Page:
The sixth stage of the Clipper 2015-16 Round the World Yacht Race got underway today following the fleet’s successful Sydney-Hobart campaign.
The Henri Lloyd Hobart to Whitsundays Race is the sixth of 14 races which make up the 11-month global series which started from London at the end of August last year.
The latest race started this morning (2 January 2016) at 1100 local time (0000 UTC) from Hobart, Tasmania. The 1,631 nautical mile race to Coral Sea Marina Resort, Airlie Beach is expected to take around ten days to complete.
First across the line was Chinese entry Qingdao followed closely by Northern Ireland’s Derry~Londonderry~Doire second and LMAX Exchange third.
During Race 6, the fleet will cross the Bass Strait for the third time to race up the east coast. The teams have already demonstrated great spirit and seamanship in all completing one of the hardest editions of the Sydney-Hobart for many years: a third of the108 starting yachts retired, including many professional teams and super maxis.
Clipper Race founder and Chairman Sir Robin-Knox Johnston said it was a huge achievement, not to be underestimated: “I think it reflects both the high quality of their training and the robust nature of the Clipper 70 design that all the boats finished without major damage or injury when so many professionals had to pull out.”
Wendy Tuck, Australian Skipper of Da Nang – Viet Nam, said she was ready to push the crew harder again in an effort to emulate their Race 5 win in the Clipper Race class in the Sydney-Hobart.
“I have sailed this route up to Airlie Beach a lot of times, so am very familiar with the conditions, which I hope will give us an advantage. It should be a fast race,” Wendy added.
Greg Miller, Skipper of Mission Performance, said: “There is a buzz round the whole fleet still from competing in the Sydney Hobart, so it is good to get racing again so quickly.
“The wind will be behind us for most of the way, then we are expecting it to come round half way, then come round again so it will be a long kite run. Team wise, we always start races well and go hard for the first half of the race before things fall apart a little towards the end so we need to push up a few gears,” he added.
The start followed a parade of sail in the Derwent River in front of spectators and spectator boats with support and logistics provided by the Royal Yacht Club of Tasmania.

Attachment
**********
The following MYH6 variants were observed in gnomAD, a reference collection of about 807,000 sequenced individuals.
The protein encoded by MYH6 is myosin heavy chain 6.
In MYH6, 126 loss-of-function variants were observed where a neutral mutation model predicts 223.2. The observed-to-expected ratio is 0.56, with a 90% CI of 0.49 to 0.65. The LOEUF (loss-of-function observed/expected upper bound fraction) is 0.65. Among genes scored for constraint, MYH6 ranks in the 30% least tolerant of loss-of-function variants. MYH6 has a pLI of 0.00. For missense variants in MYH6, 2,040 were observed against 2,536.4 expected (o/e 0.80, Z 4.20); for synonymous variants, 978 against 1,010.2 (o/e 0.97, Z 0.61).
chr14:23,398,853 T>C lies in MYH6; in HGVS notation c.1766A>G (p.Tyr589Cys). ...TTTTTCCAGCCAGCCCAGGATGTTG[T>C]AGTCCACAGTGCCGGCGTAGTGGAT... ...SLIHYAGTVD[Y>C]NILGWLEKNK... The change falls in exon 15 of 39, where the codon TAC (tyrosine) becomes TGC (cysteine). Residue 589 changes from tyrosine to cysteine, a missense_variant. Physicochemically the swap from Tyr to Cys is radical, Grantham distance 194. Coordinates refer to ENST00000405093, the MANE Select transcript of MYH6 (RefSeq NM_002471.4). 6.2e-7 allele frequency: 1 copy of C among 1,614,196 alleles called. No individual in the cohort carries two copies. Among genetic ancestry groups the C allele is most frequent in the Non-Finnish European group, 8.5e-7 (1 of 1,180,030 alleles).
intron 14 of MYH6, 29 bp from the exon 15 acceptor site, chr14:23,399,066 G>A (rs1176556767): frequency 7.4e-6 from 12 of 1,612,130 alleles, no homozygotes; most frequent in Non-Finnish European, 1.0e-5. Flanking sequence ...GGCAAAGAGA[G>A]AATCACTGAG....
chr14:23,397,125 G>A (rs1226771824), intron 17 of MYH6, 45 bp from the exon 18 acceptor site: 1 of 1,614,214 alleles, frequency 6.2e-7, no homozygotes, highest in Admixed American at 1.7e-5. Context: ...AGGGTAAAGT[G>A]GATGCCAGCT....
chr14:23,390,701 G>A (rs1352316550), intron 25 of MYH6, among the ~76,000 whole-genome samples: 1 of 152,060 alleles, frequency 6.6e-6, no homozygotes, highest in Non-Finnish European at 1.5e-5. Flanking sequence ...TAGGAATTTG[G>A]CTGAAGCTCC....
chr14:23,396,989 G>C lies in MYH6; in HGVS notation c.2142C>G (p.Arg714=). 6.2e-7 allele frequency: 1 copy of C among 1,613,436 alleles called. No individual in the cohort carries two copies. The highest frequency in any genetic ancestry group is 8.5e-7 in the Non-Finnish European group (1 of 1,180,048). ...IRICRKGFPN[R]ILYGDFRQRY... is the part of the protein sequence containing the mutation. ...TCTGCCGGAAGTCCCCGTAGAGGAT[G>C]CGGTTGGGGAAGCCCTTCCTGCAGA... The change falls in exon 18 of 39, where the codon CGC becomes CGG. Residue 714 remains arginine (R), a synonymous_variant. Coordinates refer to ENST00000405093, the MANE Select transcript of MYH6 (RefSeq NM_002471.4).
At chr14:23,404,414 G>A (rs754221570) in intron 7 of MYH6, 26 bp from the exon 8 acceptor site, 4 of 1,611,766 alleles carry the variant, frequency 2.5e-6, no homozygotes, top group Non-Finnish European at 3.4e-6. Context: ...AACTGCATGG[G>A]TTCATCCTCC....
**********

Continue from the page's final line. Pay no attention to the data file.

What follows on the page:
The fleet is anticipated to arrive into Coral Sea Marina Resort, Airlie Beach, between 13-14 January. The top three teams will be presented with the Race 6: Henri Lloyd Hobart to Whitsundays Race pennant.
Pioneering the development of all modern technical sailing clothing for 50 years, the race’s Official Technical Clothing Partner and Race 6 sponsor, Henri Lloyd, has provided foul weather gear built to withstand the challenging conditions the Clipper Race crew members face during the circumnavigation for the past 13 years.
Paul Strzelecki, Joint Chief Executive Henri Lloyd said: “Our partnership with the Clipper Race has been going from strength to strength since the start of our relationship in 2002, and our sponsorship of the Hobart to Whitsundays race is a testament to that. We wish all the crews the best of luck and safe passage.”
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Notes to Editors
Clipper Round the World Yacht Race
The Clipper Round the World Yacht Race is the world’s longest ocean adventure and is also regarded as one of the toughest endurance challenges on the planet. At 40,000 nautical miles long and taking almost a year to complete, it consists of twelve teams competing against each other on the world’s largest matched fleet of 70-foot ocean racing yachts.
The Clipper Race was established in 1996 by Sir Robin Knox-Johnston, the first person to sail solo non-stop around the world in 1968-69. His aim was to allow anyone, regardless of previous sailing experience, the chance to embrace the thrill of ocean racing; it is the only event of its kind for amateur sailors. Around 40 per cent of crew are novices and have never sailed before starting a comprehensive training programme ahead of their adventure.
This unique challenge brings together everyone from chief executives to taxi drivers, nurses and firefighters, farmers, airline pilots and students, from age 18 upwards, to take on Mother Nature’s toughest conditions. There is no upper age limit, the oldest competitor to date is 74.
Whether they choose to take on the whole circumnavigation or compete in one or more of eight individual legs, all our crew achieve something remarkable as they conquer some of the world’s most challenging oceans.
The overall route is split into a series of global races and a maximum 12 points going to first place ascending to 1 point for twelfth place. The team with the highest cumulative points at the end of the final race wins the series, and the Clipper Race trophy.
The Clipper 2015-16 Race started from St Katharine Docks, London on 30 August 2015 and is the event’s tenth edition. Over 700 people from more than 40 different countries are taking part, and over 3,000 novice sailors have been transformed into ocean racers throughout Clipper Race history so far.
For more information, go to www.clipperroundtheworld.com.